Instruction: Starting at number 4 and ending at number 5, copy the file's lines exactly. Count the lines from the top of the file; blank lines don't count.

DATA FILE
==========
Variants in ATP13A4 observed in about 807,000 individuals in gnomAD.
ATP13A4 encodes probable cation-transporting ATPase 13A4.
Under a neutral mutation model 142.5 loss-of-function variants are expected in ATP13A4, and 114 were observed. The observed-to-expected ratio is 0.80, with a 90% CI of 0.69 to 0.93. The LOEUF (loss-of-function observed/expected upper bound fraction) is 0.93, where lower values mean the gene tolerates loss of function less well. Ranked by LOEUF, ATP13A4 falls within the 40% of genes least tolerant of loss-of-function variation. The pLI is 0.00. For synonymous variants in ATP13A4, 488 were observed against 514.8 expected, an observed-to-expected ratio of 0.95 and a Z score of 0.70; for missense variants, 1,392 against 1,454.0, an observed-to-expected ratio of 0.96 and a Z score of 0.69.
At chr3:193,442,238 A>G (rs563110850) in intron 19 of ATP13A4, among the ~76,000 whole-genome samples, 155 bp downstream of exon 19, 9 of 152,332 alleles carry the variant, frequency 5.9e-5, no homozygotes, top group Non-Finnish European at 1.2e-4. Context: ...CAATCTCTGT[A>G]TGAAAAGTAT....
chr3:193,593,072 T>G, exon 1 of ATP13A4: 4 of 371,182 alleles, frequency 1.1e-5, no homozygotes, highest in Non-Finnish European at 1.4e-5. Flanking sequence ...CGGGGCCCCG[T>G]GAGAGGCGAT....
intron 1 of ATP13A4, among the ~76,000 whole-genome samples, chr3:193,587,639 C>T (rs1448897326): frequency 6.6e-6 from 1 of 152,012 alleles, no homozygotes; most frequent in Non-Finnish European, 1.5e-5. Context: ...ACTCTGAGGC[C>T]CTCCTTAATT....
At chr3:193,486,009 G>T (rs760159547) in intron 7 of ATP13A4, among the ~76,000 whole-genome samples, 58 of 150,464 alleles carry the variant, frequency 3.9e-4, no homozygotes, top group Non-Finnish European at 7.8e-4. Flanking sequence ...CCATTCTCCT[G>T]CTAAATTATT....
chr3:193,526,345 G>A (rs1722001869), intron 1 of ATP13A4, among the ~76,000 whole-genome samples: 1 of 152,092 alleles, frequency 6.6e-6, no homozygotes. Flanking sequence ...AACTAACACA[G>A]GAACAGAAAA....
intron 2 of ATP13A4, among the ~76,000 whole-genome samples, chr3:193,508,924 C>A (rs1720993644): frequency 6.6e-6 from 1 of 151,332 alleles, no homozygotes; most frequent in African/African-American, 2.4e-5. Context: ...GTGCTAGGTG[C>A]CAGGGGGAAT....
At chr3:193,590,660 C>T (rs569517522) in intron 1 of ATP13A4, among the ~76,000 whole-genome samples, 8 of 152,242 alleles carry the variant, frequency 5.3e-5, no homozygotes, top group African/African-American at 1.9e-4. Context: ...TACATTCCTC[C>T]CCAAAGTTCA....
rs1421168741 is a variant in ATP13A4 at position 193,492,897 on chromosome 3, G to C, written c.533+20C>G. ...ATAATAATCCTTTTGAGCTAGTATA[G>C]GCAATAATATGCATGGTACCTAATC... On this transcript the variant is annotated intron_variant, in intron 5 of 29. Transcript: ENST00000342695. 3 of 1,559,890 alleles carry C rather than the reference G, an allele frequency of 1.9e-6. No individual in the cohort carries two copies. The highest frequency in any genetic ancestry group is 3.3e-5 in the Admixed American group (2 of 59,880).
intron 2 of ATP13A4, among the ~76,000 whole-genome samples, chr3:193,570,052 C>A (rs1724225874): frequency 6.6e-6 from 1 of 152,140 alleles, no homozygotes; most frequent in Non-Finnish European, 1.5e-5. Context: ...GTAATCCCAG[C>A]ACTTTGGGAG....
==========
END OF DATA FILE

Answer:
At chr3:193,442,238 A>G (rs563110850) in intron 19 of ATP13A4, among the ~76,000 whole-genome samples, 155 bp downstream of exon 19, 9 of 152,332 alleles carry the variant, frequency 5.9e-5, no homozygotes, top group Non-Finnish European at 1.2e-4. Context: ...CAATCTCTGT[A>G]TGAAAAGTAT....
chr3:193,593,072 T>G, exon 1 of ATP13A4: 4 of 371,182 alleles, frequency 1.1e-5, no homozygotes, highest in Non-Finnish European at 1.4e-5. Flanking sequence ...CGGGGCCCCG[T>G]GAGAGGCGAT....